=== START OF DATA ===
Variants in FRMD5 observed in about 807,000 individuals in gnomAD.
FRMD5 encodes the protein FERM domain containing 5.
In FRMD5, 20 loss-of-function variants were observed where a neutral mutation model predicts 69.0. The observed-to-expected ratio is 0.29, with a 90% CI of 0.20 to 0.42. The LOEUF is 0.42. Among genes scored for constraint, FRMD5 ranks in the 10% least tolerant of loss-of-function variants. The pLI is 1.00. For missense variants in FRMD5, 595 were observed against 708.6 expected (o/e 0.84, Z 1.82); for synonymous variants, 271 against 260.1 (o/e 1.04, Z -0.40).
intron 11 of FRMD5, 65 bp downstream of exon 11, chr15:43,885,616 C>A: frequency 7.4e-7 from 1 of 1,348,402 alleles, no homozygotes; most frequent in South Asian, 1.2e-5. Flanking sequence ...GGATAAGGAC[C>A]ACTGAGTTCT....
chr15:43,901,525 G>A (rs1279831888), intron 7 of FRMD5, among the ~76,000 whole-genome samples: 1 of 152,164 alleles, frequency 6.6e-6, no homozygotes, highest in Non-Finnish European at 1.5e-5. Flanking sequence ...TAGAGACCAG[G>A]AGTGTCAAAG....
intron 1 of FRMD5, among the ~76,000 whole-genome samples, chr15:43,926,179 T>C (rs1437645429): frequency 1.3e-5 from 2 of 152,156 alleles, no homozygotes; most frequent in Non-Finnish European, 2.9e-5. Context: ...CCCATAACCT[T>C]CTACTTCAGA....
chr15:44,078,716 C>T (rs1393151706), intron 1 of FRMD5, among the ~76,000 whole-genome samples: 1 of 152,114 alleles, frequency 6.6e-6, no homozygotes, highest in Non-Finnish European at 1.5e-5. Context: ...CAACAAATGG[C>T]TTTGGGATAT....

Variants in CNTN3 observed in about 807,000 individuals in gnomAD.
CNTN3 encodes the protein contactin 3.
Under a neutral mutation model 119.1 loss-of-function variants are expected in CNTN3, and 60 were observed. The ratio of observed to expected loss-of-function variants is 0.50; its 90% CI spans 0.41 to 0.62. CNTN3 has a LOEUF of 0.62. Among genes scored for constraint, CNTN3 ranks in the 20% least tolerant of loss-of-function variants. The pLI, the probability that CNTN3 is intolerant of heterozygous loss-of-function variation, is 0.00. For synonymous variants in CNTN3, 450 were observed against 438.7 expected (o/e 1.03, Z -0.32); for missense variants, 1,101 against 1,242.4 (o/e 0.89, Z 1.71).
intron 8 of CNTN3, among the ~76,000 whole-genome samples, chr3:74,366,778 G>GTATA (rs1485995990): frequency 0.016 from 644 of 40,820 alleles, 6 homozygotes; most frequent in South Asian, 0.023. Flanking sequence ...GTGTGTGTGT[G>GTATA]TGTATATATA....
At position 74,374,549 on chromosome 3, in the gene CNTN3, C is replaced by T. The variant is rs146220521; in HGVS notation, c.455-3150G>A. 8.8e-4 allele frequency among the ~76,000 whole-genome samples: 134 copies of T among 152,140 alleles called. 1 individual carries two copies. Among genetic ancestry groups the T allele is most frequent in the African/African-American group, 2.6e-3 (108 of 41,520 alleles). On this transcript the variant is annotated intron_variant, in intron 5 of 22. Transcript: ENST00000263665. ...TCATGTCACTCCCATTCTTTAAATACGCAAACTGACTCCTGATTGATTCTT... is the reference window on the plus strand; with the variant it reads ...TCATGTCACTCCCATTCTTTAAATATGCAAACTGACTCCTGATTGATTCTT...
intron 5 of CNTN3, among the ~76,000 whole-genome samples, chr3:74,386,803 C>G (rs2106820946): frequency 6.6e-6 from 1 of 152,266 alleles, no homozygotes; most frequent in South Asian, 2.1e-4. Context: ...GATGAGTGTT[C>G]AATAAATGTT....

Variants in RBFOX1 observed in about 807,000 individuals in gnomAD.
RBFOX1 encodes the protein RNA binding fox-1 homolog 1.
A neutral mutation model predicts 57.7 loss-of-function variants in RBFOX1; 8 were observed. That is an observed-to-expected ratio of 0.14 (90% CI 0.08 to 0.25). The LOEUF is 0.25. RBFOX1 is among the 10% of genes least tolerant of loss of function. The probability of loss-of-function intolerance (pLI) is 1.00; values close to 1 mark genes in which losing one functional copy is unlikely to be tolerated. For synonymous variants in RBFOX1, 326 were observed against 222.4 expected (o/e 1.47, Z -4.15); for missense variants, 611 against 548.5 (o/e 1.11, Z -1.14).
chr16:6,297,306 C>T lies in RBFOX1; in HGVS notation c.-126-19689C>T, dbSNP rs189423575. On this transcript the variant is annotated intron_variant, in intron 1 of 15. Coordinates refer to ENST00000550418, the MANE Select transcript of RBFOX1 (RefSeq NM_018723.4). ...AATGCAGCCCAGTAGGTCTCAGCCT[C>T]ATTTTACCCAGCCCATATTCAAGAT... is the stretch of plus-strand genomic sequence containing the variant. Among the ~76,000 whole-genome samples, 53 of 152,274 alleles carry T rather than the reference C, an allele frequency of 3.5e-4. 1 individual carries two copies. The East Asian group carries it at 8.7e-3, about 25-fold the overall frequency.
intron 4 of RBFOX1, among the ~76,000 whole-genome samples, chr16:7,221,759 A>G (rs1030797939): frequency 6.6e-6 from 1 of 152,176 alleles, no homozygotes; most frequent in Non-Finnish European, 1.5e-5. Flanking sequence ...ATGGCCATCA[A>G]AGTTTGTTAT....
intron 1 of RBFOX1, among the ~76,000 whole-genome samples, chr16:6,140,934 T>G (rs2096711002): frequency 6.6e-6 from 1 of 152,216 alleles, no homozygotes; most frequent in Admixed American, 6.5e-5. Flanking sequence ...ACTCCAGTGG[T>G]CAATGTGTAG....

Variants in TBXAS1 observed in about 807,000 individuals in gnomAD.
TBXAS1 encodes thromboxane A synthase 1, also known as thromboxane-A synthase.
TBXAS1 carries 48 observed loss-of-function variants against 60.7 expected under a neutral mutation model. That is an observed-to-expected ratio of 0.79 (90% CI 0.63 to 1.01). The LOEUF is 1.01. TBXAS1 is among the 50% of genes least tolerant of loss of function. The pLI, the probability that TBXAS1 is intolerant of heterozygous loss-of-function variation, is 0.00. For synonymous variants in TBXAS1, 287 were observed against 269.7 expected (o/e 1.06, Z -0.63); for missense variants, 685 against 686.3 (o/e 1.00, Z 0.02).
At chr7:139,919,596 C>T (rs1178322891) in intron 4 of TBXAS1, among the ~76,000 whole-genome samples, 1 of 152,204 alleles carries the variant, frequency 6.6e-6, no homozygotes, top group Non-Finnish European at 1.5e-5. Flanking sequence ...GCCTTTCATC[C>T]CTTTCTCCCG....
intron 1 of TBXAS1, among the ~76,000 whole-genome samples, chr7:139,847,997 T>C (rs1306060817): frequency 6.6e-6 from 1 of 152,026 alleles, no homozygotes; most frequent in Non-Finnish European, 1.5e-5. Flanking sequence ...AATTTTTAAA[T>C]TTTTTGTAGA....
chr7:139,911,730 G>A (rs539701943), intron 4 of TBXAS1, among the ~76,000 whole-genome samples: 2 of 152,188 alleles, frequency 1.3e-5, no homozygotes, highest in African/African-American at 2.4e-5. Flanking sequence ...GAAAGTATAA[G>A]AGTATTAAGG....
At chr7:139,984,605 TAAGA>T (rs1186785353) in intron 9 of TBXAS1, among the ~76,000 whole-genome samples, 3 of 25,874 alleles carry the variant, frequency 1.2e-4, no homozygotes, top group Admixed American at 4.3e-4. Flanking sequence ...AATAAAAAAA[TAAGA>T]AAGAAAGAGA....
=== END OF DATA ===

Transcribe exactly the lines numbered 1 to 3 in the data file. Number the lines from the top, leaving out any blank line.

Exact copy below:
Variants in FRMD5 observed in about 807,000 individuals in gnomAD.
FRMD5 encodes the protein FERM domain containing 5.
In FRMD5, 20 loss-of-function variants were observed where a neutral mutation model predicts 69.0. The observed-to-expected ratio is 0.29, with a 90% CI of 0.20 to 0.42. The LOEUF is 0.42. Among genes scored for constraint, FRMD5 ranks in the 10% least tolerant of loss-of-function variants. The pLI is 1.00. For missense variants in FRMD5, 595 were observed against 708.6 expected (o/e 0.84, Z 1.82); for synonymous variants, 271 against 260.1 (o/e 1.04, Z -0.40).